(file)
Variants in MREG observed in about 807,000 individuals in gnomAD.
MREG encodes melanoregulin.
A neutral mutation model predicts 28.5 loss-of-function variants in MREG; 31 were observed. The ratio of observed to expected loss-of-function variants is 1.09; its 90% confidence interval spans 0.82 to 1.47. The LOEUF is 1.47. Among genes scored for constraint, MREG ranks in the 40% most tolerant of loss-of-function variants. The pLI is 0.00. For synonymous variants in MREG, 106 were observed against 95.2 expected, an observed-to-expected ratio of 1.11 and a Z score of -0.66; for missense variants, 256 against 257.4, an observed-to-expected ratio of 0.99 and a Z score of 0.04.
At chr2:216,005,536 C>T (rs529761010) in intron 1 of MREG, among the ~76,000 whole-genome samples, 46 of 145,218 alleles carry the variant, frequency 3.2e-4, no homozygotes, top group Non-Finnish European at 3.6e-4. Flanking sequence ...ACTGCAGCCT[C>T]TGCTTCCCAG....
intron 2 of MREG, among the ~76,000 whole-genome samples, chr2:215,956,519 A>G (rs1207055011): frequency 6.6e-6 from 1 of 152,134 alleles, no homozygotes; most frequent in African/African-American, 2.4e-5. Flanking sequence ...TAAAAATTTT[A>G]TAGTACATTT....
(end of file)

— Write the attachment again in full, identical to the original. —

Variants in MREG observed in about 807,000 individuals in gnomAD.
MREG encodes melanoregulin.
A neutral mutation model predicts 28.5 loss-of-function variants in MREG; 31 were observed. The ratio of observed to expected loss-of-function variants is 1.09; its 90% confidence interval spans 0.82 to 1.47. The LOEUF is 1.47. Among genes scored for constraint, MREG ranks in the 40% most tolerant of loss-of-function variants. The pLI is 0.00. For synonymous variants in MREG, 106 were observed against 95.2 expected, an observed-to-expected ratio of 1.11 and a Z score of -0.66; for missense variants, 256 against 257.4, an observed-to-expected ratio of 0.99 and a Z score of 0.04.
At chr2:216,005,536 C>T (rs529761010) in intron 1 of MREG, among the ~76,000 whole-genome samples, 46 of 145,218 alleles carry the variant, frequency 3.2e-4, no homozygotes, top group Non-Finnish European at 3.6e-4. Flanking sequence ...ACTGCAGCCT[C>T]TGCTTCCCAG....
intron 2 of MREG, among the ~76,000 whole-genome samples, chr2:215,956,519 A>G (rs1207055011): frequency 6.6e-6 from 1 of 152,134 alleles, no homozygotes; most frequent in African/African-American, 2.4e-5. Flanking sequence ...TAAAAATTTT[A>G]TAGTACATTT....